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Transitioning to Pediatrics: Essential Soft Skills for Nurses

The winter months present an opportunity for nurses considering a transition to the pediatric field. Hospitals are experiencing higher numbers of RSV (respiratory syncytial virus), along with other viruses such as influenza and colds. Further, the higher pediatric population census means more pediatric nurses are needed.  

Avenues to the Field

Nurses who have worked in smaller hospitals where peds and adult units are sometimes combined, may have at least some experience working with children, and can easily make the transition. Hospitals needing pediatric nurses may provide additional training for adult-care nurses with some pediatric experience.  

Labor and delivery nurses will sometimes have the opportunity to float to a pediatric unit too, gaining valuable experience that can make it easier to transition to a position as a pediatric nurse. And because the demand for pediatric nurses is so great, some hospitals are willing to train seasoned adult care nurses. For example, an adult ICU or med-surg step-down nurse may be trained to float to the pediatric ICU or step-down unit and work with older children.  

Taking advantage of training opportunities or highlighting past experience may open the door to working with children and begin your transition to pediatric nursing. And though nurses who work with children attend the same schools and learn the same clinical skills as nurses who work with adults, pediatric staff must cultivate specialized soft skills to effectively communicate with children and their caregivers.  

Build Trust with Good Communication 

Cultivating interpersonal skills can help pediatric nurses develop relationships with children and parents built on trust. Families who trust hospital staff may feel more supported and less stressed.   

If you’re a new pediatric nurse or a seasoned adult-care nurse who would like to transition to a pediatric nurse role, consider your communication style and how you might cultivate these five soft skills. 

Share Information on an Age-Appropriate Level 

Every stage of a child’s development comes with exciting new changes and challenges and requires different communication styles.  

For instance, a nurse explaining a procedure to a 2-year-old may use simple terms and give a lot of hugs. The same nurse will use a different approach for a 12-year-old, possibly drawing pictures and showing a video. The older child may be allowed choices to give them a sense of control. 

Listen with More than Your Ears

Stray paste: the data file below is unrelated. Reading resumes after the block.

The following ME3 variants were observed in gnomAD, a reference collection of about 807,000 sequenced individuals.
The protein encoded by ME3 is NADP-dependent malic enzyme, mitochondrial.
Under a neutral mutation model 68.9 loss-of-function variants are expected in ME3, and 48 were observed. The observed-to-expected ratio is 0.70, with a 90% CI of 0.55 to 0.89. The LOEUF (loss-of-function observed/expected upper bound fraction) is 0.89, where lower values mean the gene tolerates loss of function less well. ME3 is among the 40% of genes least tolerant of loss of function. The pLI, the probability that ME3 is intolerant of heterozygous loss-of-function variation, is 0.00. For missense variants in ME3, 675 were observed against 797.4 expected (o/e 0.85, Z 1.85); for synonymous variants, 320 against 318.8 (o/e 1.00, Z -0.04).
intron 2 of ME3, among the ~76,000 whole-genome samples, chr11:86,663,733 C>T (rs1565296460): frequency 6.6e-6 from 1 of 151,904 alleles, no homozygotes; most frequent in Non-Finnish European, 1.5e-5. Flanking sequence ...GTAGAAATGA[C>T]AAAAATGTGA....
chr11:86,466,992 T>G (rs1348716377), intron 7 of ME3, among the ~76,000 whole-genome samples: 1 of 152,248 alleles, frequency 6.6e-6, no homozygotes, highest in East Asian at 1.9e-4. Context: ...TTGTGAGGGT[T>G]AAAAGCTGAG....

Parents of sick children may cycle through a wide range of emotions. These feelings may appear as anger or frustration. It’s not unusual for parents to take their frustrations out on each other or hospital staff.  

Nurses who can listen and tune into what parents are feeling can help de-escalate tense situations. Letting the parent know it’s okay to feel frustrated and scared can open the door to meaningful conversations in which the parent feels heard and validated. 

Children may be unable to describe their feelings. Pediatric nurses learn to watch a child play. How a child plays with and interacts with their toys can provide insight into their thoughts and feelings  

Show Empathy 

Empathy is simply the ability to imagine what another person is feeling. Nurses can show empathy by actively listening to parents and acknowledging their feelings. You may not fully understand their emotions, but you can imagine how you would feel if you were in their shoes.  

Bring Positivity and Playfulness to the Bedside 

Studies have shown that positive thinking leads to a better quality of life. Letting your smile shine helps brighten a child’s day and gives hope to stressed parents.  

Play is how children learn and develop. Child play also provides an outlet for stress. Being playful with a hospitalized child can help family members and children relax during stressful situations.  

Display Patience 

Parents and children will not always be on their best behavior when a child is sick. Tension and stress can lead to outbursts, not only from children but also from parents. 

Approach these situations calmly and patiently, letting the parents know you are there for them. Help parents work through their feelings and let them know their feelings are valid. Being a steady presence may help provide an anchor for anxious parents during stressful situations.  

 By Alex Gray, Team Lead, Senior Recruiter at Planet Healthcare

Photo Credit: Canva

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